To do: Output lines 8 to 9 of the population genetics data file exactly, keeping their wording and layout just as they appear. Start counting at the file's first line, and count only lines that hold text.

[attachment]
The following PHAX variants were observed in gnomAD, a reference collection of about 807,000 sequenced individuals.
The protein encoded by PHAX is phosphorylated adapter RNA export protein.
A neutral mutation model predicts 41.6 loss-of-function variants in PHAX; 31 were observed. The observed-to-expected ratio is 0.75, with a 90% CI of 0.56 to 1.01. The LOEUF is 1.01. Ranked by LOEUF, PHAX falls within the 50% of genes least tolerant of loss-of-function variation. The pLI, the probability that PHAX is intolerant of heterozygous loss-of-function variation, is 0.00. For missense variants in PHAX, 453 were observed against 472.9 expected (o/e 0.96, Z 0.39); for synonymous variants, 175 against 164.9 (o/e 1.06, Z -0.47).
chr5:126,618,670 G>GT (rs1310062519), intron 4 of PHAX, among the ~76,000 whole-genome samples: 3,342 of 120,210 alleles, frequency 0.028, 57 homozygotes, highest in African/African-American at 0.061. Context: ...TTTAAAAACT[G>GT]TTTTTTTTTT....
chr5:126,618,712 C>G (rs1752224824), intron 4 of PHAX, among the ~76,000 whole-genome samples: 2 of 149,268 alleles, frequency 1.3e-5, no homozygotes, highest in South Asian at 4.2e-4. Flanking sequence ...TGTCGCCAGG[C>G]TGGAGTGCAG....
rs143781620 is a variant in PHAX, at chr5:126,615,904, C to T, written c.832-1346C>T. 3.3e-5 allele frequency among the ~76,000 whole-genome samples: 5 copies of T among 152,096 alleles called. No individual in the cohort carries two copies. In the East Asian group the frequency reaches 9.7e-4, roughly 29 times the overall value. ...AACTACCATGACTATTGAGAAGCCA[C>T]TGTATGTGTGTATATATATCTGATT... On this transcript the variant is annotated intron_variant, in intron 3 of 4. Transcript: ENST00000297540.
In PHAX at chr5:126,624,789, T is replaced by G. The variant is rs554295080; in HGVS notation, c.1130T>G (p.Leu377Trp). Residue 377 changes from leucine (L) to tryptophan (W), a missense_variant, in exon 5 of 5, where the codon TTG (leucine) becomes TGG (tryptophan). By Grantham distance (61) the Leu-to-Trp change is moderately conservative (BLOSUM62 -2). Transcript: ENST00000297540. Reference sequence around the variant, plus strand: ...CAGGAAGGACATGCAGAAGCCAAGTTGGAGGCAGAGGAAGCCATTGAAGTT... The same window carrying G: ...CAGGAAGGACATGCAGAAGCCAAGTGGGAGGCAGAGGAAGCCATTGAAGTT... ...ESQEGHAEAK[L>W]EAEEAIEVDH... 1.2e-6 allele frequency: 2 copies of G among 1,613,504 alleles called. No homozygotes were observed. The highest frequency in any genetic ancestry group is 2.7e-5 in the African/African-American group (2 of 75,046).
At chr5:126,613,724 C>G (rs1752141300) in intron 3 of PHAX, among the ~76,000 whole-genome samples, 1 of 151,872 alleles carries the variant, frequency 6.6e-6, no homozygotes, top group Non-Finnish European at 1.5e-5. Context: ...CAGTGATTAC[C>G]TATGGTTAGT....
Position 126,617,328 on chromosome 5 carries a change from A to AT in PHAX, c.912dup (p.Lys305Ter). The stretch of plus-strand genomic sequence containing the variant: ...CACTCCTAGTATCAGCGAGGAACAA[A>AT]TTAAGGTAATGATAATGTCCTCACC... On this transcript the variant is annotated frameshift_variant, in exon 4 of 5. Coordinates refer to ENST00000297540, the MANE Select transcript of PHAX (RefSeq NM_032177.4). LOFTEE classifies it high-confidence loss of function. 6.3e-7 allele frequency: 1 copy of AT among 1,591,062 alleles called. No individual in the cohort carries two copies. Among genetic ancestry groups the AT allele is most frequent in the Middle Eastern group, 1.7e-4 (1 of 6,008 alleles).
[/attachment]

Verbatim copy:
At chr5:126,613,724 C>G (rs1752141300) in intron 3 of PHAX, among the ~76,000 whole-genome samples, 1 of 151,872 alleles carries the variant, frequency 6.6e-6, no homozygotes, top group Non-Finnish European at 1.5e-5. Context: ...CAGTGATTAC[C>G]TATGGTTAGT....
Position 126,617,328 on chromosome 5 carries a change from A to AT in PHAX, c.912dup (p.Lys305Ter). The stretch of plus-strand genomic sequence containing the variant: ...CACTCCTAGTATCAGCGAGGAACAA[A>AT]TTAAGGTAATGATAATGTCCTCACC... On this transcript the variant is annotated frameshift_variant, in exon 4 of 5. Coordinates refer to ENST00000297540, the MANE Select transcript of PHAX (RefSeq NM_032177.4). LOFTEE classifies it high-confidence loss of function. 6.3e-7 allele frequency: 1 copy of AT among 1,591,062 alleles called. No individual in the cohort carries two copies. Among genetic ancestry groups the AT allele is most frequent in the Middle Eastern group, 1.7e-4 (1 of 6,008 alleles).